How it works

Here is a quick summary of the method used to compute estimates. The algorithm uses a simplified model taking into account 3 factors:

Current weight of transactions in the mempool
Speed at which new weight is entering the mempool
Randomness in block production intervals

Unlike some other fee estimation algorithms, it doesn't look at the previous mined blocks at all. Instead, it looks at the factors that are going to drive the production of the next blocks: the mempool, the speed of increase of the mempool and the probability at which it is being drained.

Its goal is to give reasonable estimates given the presently known mempool dynamics, while avoiding overestimation.


The mempool is categorized into "fee buckets". A bucket represents data about all transactions with a fee greater than or equal to some amount (in sat/vbyte).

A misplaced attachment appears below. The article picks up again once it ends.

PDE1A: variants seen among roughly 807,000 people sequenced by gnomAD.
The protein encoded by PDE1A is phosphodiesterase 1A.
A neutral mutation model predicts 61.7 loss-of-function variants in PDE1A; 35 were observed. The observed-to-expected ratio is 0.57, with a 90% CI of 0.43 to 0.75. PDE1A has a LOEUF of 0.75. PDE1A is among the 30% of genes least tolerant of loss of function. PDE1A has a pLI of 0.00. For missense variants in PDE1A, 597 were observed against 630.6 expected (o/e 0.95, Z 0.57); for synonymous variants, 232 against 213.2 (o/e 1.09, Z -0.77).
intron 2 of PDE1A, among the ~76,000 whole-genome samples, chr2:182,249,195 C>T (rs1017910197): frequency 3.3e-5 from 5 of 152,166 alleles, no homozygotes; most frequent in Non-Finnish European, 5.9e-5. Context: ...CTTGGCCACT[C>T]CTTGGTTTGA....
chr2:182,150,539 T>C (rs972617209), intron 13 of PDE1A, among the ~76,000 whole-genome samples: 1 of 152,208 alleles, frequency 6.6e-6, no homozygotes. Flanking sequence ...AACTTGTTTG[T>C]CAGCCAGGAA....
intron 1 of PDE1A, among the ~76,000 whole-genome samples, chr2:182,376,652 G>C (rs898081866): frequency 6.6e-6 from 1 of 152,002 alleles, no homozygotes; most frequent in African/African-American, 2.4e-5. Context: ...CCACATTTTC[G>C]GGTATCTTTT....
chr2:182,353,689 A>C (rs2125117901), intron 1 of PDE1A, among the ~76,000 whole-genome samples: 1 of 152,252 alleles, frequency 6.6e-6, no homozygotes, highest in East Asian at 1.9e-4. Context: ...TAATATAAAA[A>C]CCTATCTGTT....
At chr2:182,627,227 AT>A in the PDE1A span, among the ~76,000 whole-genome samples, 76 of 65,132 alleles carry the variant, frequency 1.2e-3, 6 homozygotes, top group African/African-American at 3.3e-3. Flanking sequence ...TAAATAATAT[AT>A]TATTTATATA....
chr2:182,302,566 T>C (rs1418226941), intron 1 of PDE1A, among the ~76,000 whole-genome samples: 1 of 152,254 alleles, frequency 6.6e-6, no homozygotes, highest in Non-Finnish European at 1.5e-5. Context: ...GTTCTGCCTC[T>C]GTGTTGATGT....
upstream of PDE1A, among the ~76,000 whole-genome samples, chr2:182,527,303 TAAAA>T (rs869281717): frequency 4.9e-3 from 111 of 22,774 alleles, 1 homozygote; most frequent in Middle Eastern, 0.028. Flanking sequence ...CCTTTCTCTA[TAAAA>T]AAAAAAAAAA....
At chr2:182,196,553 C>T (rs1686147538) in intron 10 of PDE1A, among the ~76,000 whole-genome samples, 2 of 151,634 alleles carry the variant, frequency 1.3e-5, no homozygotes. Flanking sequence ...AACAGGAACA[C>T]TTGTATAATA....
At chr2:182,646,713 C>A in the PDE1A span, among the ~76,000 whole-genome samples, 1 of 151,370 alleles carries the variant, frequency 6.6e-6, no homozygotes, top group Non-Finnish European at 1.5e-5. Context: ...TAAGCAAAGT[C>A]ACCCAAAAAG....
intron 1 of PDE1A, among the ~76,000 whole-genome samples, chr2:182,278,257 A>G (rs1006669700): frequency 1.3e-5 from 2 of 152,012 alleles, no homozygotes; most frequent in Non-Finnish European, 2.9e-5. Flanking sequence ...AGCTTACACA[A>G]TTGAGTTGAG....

Each bucket contains 2 numeric values:

For simplicity, transactions are not looked at individually. Focus is on the weight, like a fluid flowing from bucket to bucket.


For each target interval (30 mins, 1 hour, 2 hours etc...), we're trying to find the cheapest fee rate that is likely to become fully cleared (0 WU) with a given probability.

The probability is defined by the "confidence" setting on the website. Current values are:

Now let's simulate what's going to happen during each timespan lasting minutes:

The cheapest bucket whose final_weight is ≤ 0 is going to be the one selected as the estimate.

Small correction

Because the window used to sample the flow of transactions increases proportionally to each target interval, it sometimes gives incoherent results with estimates that decrease then increase as the window gets larger (if there was significant variations in the flow of transactions during this time).

Since this makes no sense (if a low fee gets you confirmed faster, then there is no need to increase the fee to target a longer window), so for each estimate we take the minimum value of all estimates at windows shorter or equal.

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